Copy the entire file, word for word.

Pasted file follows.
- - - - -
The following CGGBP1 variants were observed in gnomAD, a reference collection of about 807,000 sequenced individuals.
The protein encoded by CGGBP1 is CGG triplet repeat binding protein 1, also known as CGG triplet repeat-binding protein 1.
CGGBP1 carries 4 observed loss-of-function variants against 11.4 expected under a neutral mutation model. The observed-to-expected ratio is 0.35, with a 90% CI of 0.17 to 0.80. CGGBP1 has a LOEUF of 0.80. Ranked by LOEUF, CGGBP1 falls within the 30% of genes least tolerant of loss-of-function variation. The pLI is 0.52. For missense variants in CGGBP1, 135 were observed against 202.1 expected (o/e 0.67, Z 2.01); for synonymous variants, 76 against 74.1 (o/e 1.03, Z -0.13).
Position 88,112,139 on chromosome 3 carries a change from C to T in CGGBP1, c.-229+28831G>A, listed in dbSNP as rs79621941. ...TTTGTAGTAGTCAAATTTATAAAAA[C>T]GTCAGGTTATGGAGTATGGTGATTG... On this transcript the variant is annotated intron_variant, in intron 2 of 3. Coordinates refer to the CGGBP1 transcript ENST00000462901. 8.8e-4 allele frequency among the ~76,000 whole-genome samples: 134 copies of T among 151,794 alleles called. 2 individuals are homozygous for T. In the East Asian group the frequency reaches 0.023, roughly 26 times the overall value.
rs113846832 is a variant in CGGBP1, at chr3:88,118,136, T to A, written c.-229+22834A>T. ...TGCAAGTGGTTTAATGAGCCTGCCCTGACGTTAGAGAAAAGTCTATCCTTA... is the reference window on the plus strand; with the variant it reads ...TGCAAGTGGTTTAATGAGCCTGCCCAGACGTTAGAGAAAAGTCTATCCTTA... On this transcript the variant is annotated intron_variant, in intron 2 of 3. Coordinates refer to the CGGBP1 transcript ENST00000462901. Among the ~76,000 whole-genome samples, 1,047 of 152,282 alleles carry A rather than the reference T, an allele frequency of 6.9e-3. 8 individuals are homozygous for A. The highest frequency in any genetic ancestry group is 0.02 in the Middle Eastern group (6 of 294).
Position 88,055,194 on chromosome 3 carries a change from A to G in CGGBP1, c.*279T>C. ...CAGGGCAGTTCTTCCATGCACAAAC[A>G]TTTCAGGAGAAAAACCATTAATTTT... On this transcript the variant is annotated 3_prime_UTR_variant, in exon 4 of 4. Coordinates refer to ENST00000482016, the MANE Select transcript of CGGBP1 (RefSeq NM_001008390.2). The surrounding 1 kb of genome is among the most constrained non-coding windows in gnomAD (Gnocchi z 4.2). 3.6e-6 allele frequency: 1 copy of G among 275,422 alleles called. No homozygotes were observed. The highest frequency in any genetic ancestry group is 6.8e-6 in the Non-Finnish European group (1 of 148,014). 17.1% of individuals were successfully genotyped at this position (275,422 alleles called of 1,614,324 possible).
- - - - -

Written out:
The following CGGBP1 variants were observed in gnomAD, a reference collection of about 807,000 sequenced individuals.
The protein encoded by CGGBP1 is CGG triplet repeat binding protein 1, also known as CGG triplet repeat-binding protein 1.
CGGBP1 carries 4 observed loss-of-function variants against 11.4 expected under a neutral mutation model. The observed-to-expected ratio is 0.35, with a 90% CI of 0.17 to 0.80. CGGBP1 has a LOEUF of 0.80. Ranked by LOEUF, CGGBP1 falls within the 30% of genes least tolerant of loss-of-function variation. The pLI is 0.52. For missense variants in CGGBP1, 135 were observed against 202.1 expected (o/e 0.67, Z 2.01); for synonymous variants, 76 against 74.1 (o/e 1.03, Z -0.13).
Position 88,112,139 on chromosome 3 carries a change from C to T in CGGBP1, c.-229+28831G>A, listed in dbSNP as rs79621941. ...TTTGTAGTAGTCAAATTTATAAAAA[C>T]GTCAGGTTATGGAGTATGGTGATTG... On this transcript the variant is annotated intron_variant, in intron 2 of 3. Coordinates refer to the CGGBP1 transcript ENST00000462901. 8.8e-4 allele frequency among the ~76,000 whole-genome samples: 134 copies of T among 151,794 alleles called. 2 individuals are homozygous for T. In the East Asian group the frequency reaches 0.023, roughly 26 times the overall value.
rs113846832 is a variant in CGGBP1, at chr3:88,118,136, T to A, written c.-229+22834A>T. ...TGCAAGTGGTTTAATGAGCCTGCCCTGACGTTAGAGAAAAGTCTATCCTTA... is the reference window on the plus strand; with the variant it reads ...TGCAAGTGGTTTAATGAGCCTGCCCAGACGTTAGAGAAAAGTCTATCCTTA... On this transcript the variant is annotated intron_variant, in intron 2 of 3. Coordinates refer to the CGGBP1 transcript ENST00000462901. Among the ~76,000 whole-genome samples, 1,047 of 152,282 alleles carry A rather than the reference T, an allele frequency of 6.9e-3. 8 individuals are homozygous for A. The highest frequency in any genetic ancestry group is 0.02 in the Middle Eastern group (6 of 294).
Position 88,055,194 on chromosome 3 carries a change from A to G in CGGBP1, c.*279T>C. ...CAGGGCAGTTCTTCCATGCACAAAC[A>G]TTTCAGGAGAAAAACCATTAATTTT... On this transcript the variant is annotated 3_prime_UTR_variant, in exon 4 of 4. Coordinates refer to ENST00000482016, the MANE Select transcript of CGGBP1 (RefSeq NM_001008390.2). The surrounding 1 kb of genome is among the most constrained non-coding windows in gnomAD (Gnocchi z 4.2). 3.6e-6 allele frequency: 1 copy of G among 275,422 alleles called. No homozygotes were observed. The highest frequency in any genetic ancestry group is 6.8e-6 in the Non-Finnish European group (1 of 148,014). 17.1% of individuals were successfully genotyped at this position (275,422 alleles called of 1,614,324 possible).